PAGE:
selling items in the home

Cash in the attic: A guide to selling items in the home

Monday 27th Jul 2020 |

If you’ve recently had a loft declutter or inherited a home, you may find yourself in possession of some valuable vintage or antique items.

Whether it’s retro toys, classic albums or one-off antiques and ornaments, your discovered treasures could command big fees from the right buyer. Here’s what to do if you think you’ve found something valuable in your home.

Selling items in the home – Assessing antiques

While you may think only Picassos go for significant money in the art world, plenty of pieces can fetch big prices.

Use a magnifying glass to check paintings for signs it’s an original rather than a print – originals will have defined brushstrokes and build-up of colours, while prints, like lighthouse prints, are more likely to have a flatter appearance.

Look for signatures or initials which you can compare online to identify the artist. Don’t remove a painting from its frame as this can instantly devalue it.

A UK homeowner recently took a painting from their attic to auction hoping to pick up £300 and landed £120,000 after a bidding war between collectors, who believed it to be an artist’s original. While you may not reel in a six-digit sum, there is certainly value to be found in antique art.

Antique jewellery, ornaments and furniture should have a marking or signatures which identify the maker. Check the piece with a magnifying glass, as markings may have faded or chipped over time. There are websites aimed at helping people identify antique from their markings.

Scratches, bumps or raised surfaces can be a sign of a genuine antique, as replicas produced on modern machines are often perfectly smooth. With crockery and china, markings will often be underneath the glazed level, as they were marked before firing.

If you believe you have an item that may be of value, consider taking it to an appraiser or using a free online valuation service. Last year, a UK resident took a chess piece to a local auctioneer for a free valuation, to find it was a missing antique collection piece worth over £1 million.

selling items in the home – Next steps

To get a rough idea of your items’ values, search online on marketplaces like eBay or Gumtree. If you find someone selling a similar item, it may give you an idea of how much it’s worth.

Search in as much detail as possible. If it’s a vinyl record, search the catalogue number, and for antique items, include the colour and shape in your search, as these can have an impact on value. Unusually-shaped or rare-coloured items can be especially valuable to collectors.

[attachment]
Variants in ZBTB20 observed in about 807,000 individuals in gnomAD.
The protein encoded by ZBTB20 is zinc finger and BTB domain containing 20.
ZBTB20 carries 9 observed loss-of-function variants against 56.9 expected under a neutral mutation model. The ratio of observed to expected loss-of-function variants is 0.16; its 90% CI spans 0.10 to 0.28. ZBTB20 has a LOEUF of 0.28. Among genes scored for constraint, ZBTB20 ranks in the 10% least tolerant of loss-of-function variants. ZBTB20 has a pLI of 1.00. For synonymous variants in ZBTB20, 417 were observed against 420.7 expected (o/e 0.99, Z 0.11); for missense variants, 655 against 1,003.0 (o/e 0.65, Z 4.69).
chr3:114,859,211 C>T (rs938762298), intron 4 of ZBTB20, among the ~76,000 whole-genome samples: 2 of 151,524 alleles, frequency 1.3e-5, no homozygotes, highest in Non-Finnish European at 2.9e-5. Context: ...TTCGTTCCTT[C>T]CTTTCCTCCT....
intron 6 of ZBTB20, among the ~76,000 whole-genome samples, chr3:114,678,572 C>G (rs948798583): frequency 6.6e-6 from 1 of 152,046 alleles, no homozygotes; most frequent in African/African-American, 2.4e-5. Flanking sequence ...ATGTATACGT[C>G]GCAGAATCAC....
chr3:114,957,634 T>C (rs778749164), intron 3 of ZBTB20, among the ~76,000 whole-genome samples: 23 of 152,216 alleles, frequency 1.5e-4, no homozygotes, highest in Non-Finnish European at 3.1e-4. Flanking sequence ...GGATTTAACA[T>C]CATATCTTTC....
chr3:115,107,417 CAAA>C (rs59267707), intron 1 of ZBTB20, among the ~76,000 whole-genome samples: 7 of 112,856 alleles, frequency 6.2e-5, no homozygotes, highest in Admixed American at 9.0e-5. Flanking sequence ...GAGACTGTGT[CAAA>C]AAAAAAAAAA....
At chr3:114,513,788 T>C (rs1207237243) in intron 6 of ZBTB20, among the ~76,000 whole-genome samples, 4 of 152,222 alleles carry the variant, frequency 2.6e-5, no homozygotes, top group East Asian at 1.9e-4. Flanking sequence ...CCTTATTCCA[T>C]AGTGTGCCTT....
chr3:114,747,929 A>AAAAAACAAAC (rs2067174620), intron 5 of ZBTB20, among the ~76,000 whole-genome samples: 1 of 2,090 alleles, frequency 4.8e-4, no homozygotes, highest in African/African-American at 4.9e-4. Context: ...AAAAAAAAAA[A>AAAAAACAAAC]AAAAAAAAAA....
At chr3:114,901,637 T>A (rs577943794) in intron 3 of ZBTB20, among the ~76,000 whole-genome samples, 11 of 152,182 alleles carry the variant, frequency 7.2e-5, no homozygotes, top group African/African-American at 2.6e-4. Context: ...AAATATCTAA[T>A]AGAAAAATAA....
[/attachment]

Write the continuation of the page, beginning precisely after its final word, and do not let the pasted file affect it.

Check for any labels or markings which may include dates or patent numbers, too.

If you have an attic full of valuable items, consider hiring a professional appraiser. Experts can often be booked by the hour, which could save you money compared with paying per item online.

selling items in the home – The online marketplace

While general online marketplaces are ideal for listing lower-value items like clothing, record collections and toys, it’s recommended to use dedicated antique websites for selling verified and highly-valuable pieces, as they can attract keen antique collectors.

Plus, selling online opens you up to worldwide buyers. This larger audience can help drive up your asking price, with collectors keen to outbid their competitors. 

Overseas buyers may even be tempted to over-pay in some instances, as UK antiques can hold greater value in countries with fewer historical antiques available themselves.

Online is the safest way to sell fragile or delicate items. You can keep them in your home until they sell, then work with a shipping specialist to pack them safely and ship them to the buyer, so they arrive in perfect condition, anywhere in the world.

selling items in the home – Cash in hand

If you’re selling smaller, less expensive items, car boot sales may be the way to go. However, for items with a significant price tag, selling through an auction house can help you earn the highest price.

Contact local auction houses. They’ll give you a rough valuation and let you know the next steps for selling at auction. While auction houses will charge a fee for their role in the sale, they help connect you with buyers you may not otherwise find.

If you have a collection of related items, it may be worth contacting an antique wholesaler, who may purchase the job lot in one go, saving you on the time and effort of selling individually.

selling items in the home – Insurance

If you’ve got expensive items in your home that you either want to keep or at least store in your home until you find the right buyer, you may find your current home contents insurance doesn’t cut it anymore.

Contact your insurance provider and ask about increasing your contents insurance cover. This will protect you against losses if the worst happens. You can even get specialist antique insurance which covers you against theft, damage, depreciation and more.

Words by By Mike Ryan, Chief Executive, PACK & SEND

Craving more?